Bright Horizons Northcote Road Day Nursery and Preschool

About Bright Horizons Northcote Road Day Nursery and Preschool Browse Features

Bright Horizons Northcote Road Day Nursery and Preschool

Name Bright Horizons Northcote Road Day Nursery and Preschool
Ofsted Inspections
Address Address: 119a Chatham Road, LONDON, SW11 6HJ
Type Childcare on Non-Domestic Premises
Gender Mixed
Local Authority Wandsworth
Highlights from Latest Inspection

What is it like to attend this early years setting?

The provision is good

All children are happy and enjoy the busy, calm and highly stimulating learning environment. Children display good levels of emotional development. Babies who are new to the setting seek out familiar adults for cuddles of reassurance when they become unsettled.

All children become deeply involved in a variety of inviting, interesting and engaging activities. Babies maintain high levels of engagement and enjoyment when playing with water and pretending to wash dolls. Toddlers giggle with excitement while trying to blow and catch bubbles.

Older children maintain good focus and concentration as they use construction block...s to make shapes. Children talk confidently and use a good range of vocabulary. Some of the youngest children can express themselves in full sentences and engage in meaningful conversations.

Children develop a good understanding of mathematical concepts in preparation for their move on to school. Some older children know the properties of shapes and can differentiate between a pentagon and a hexagon. In addition, they can count and understand the value of a number.

Children feel safe and secure in the nursery. They learn the expected behavioural boundaries and staff continually support and praise children who are learning to share and take turns.

What does the early years setting do well and what does it need to do better?

The curriculum intent for physical development is implemented well.

Children have good opportunities both indoors and outdoors to build on their large- and fine-motor skills. Staff encourage babies to move around, crawl and practise walking in the safe learning environment. Staff support older children to take age-appropriate risks in their play.

They competently jump in and out of tyres and take large steps on plastic crates. Children confidently climb steps to access the tree house and learn to negotiate bends successfully while riding bikes and cars. In addition, staff build on children's understanding of healthy eating through planting and role-play activities.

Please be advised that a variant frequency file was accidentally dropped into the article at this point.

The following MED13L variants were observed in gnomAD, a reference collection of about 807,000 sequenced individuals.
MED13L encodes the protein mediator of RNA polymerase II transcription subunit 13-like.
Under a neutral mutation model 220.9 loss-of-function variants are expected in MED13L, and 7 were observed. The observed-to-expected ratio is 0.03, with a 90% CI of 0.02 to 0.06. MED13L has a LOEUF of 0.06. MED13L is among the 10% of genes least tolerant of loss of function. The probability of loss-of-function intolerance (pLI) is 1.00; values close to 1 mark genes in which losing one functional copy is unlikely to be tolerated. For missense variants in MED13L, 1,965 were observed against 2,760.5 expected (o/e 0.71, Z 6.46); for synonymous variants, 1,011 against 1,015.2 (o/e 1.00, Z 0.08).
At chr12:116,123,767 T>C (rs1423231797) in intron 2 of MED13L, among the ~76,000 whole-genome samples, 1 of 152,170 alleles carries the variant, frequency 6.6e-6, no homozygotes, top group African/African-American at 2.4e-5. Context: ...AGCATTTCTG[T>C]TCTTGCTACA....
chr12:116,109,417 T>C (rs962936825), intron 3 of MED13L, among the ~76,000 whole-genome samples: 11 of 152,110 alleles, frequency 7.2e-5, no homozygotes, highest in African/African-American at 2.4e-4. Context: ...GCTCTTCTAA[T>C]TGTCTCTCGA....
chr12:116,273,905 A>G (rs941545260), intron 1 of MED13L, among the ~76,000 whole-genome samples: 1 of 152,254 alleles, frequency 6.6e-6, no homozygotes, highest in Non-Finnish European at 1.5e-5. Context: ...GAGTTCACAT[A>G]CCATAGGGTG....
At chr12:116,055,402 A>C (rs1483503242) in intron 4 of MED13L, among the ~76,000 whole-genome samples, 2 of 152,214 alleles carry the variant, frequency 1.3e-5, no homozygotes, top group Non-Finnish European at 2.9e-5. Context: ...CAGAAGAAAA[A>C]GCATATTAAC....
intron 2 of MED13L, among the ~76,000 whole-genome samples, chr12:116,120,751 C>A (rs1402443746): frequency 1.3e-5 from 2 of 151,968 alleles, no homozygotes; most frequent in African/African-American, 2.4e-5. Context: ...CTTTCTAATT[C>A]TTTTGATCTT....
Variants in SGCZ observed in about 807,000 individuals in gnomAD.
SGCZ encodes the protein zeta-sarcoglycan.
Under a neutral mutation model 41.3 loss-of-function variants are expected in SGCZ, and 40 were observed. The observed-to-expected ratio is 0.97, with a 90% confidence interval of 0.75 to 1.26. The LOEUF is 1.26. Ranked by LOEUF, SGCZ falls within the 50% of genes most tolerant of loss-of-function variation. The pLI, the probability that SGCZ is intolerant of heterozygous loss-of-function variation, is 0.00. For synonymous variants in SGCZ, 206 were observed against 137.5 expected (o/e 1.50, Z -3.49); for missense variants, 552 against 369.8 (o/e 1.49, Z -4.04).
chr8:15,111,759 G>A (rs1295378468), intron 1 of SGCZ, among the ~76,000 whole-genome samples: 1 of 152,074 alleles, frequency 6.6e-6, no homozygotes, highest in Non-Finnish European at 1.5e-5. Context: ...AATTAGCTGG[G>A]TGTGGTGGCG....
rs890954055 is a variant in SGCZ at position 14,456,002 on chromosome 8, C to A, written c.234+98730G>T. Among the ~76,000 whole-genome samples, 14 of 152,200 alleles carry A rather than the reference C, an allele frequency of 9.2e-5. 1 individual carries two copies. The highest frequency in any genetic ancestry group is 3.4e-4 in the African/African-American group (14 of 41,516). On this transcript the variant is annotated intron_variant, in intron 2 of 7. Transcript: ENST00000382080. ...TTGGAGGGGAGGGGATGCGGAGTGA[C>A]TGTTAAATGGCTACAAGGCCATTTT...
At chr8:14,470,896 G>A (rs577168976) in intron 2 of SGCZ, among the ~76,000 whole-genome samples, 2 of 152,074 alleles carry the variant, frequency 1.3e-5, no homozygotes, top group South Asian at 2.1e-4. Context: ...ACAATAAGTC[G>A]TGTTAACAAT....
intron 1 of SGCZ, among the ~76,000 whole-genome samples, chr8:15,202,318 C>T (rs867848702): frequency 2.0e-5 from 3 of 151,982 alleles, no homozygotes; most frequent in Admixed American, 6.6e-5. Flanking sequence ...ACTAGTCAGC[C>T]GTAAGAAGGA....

Staff engage children in exciting activities that encourage their curiosity. For example, staff mix flour and water to form gloop and babies enjoy exploring and watching it drip from their hands. They join in as staff sing nursery rhymes to them.

They respond confidently by clapping and humming along. Toddlers enjoy rolling and kneading dough, pretending to make a pizza.Overall, staff make regular observations of children's learning to help them identify potential gaps.

However, staff do not always use the children's next steps in learning to inform their planning. At times, some staff are unable to explain what they want children to get out of the learning experiences they provide.The manager and staff work closely with parents.

Staff use the online system and face-to-face communication well to keep parents informed about children's care and learning. In addition, they seek and act on the views of parents to help identify areas to improve and drive improvements. Parents are kept up to date with staff changes and other welfare matters through emails.

Parents say they feel their children are happy and well cared for and know what the children have been doing each day.All staff are good role models who help children learn how to behave well, share resources, and take turns. Staff use highly engaging discussions and emotion books to teach children about different feelings and how to manage these to help support their mental well-being.

Moreover, staff treat the children as individuals and value them. They always ask for the children's consent if they want to offer assistance during their play and learning. However, staff do not always use their strong teaching skills to help children to become independent in attending to their self-care needs and understand the importance of good hygiene.

For example, some older children who can talk confidently, walk around with their noses uncleaned.


The arrangements for safeguarding are effective.The manager and staff use risk assessment well to ensure that the premises are safe and suitable for children.

Staff understand the signs and symptoms that may indicate a child is at risk of harm and know how to report their concerns. They also know the correct procedures to follow if they have concerns about the behaviour of their colleague. The manager and staff attend regular safeguarding and child protection training to ensure their knowledge remains current.

The manager deploys staff well to supervise children's learning and help to keep them safe. The provider follows robust recruitment and vetting procedures to ensure that staff working with children are suitable.

What does the setting need to do to improve?

To further improve the quality of the early years provision, the provider should: nimprove staff's knowledge and understanding of assessment, particularly how to use this information to plan effectively and identify next steps for children's learning provide opportunities for older children to learn about and develop an understanding of good personal hygiene, so they become independent in managing their self-care needs.